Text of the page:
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By Carl G. Roberts
We are surrounded by technology. But do we know what to do with it? Do we understand it well enough to ask the right questions? Let’s take electronic discovery as an example.
An article by Michael Clark in the February 2006 issue of Digital Discovery & e-Evidence discussed a survey of corporate counsel regarding tools and processes their companies have in place to support e-discovery. Of the 269 corporate counsel offices in the survey, 62 percent said their companies have an e-mail archive system in place. But Clark referred to other studies that put the penetration of e-mail archive systems at under 30 percent. His conclusion was that “at least 30 percent of our respondents are confusing the auto archive feature of Microsoft Outlook with a full-blown e-mail archiving system.”
At a recent CLE program, one of the panelists—a federal judge—commented that e-discovery was not figuring very large in the cases coming before him, even though he would have expected such evidence in many of the cases. His belief was that a lot of lawyers—perhaps most—still haven’t grasped what can be done with modern technology, the kinds of pertinent information buried in computer files, the impact such information can have on cases, and the tools computers make available to courtroom lawyers.
There are excellent tools to assist lawyers in collecting, processing, producing and analyzing electronic data. And there are many excellent tools to help lawyers in nearly every other area of practicing law and running their offices as well. Of course, there are also plenty of dogs (and, borrowing from the famous New Yorker cartoon, “On the Internet, no one knows you are a dog”). So how do we know what to look for and what to expect in our technology choices?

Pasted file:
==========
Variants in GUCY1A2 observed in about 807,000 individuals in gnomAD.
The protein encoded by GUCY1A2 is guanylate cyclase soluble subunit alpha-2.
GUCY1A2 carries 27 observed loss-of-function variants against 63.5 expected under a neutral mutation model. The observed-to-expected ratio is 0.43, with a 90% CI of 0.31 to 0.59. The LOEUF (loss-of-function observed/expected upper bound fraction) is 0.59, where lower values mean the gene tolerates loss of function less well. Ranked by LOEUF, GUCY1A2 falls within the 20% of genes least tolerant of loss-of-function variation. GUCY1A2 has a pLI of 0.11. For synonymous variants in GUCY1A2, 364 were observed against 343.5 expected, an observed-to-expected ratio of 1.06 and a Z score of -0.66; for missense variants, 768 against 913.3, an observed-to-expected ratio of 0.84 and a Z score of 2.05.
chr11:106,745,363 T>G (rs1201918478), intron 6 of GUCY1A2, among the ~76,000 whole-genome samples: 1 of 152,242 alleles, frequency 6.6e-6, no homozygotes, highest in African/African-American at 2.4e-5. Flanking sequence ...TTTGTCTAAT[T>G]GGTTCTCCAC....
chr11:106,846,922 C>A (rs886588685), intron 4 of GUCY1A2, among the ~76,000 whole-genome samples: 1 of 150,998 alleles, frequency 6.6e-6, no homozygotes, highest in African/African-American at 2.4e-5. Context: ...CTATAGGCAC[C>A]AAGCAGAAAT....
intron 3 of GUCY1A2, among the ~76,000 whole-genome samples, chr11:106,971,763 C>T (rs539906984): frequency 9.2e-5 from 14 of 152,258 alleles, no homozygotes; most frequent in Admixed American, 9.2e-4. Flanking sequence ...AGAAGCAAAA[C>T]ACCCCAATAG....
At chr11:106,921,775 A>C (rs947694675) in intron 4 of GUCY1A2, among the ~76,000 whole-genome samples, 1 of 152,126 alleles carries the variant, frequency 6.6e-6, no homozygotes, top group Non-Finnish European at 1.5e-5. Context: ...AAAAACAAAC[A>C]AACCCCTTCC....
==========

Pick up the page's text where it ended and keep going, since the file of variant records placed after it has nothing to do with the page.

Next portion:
The software we build our practices on is constantly being upgraded. New features are being added. Old features are being modified or “improved.” How many of us are taking the time—before we are confronted with the dire necessity and no time—to gain the knowledge we need to use technology effectively? The heavy-lifter programs we rely on typically have dozens of shortcuts for everyday tasks. Knowing even a moderate number would improve efficiency, enhance effectiveness, remove a barrier. But even among the computer-savvy, how many of us have the time, inclination and assistance to learn these tricks?
There is always new territory to visit and, yes, it is always a challenge to find the time to make the journey. But if we want to serve our clients and run our practices in the best way possible, we must make the effort to increase our skills and knowledge levels about technology as it factors into the practice of law. Among the many resources to help are the excellent sessions presented annually at ABA TECHSHOW®. Many of you will be in attendance at this year’s show. For those who cannot attend, there is a great amount of helpful information in the conference materials, available on CD-ROM at www.techshow.com.
Technology can help you be a better lawyer, if you know how to use it well.
It is up to you.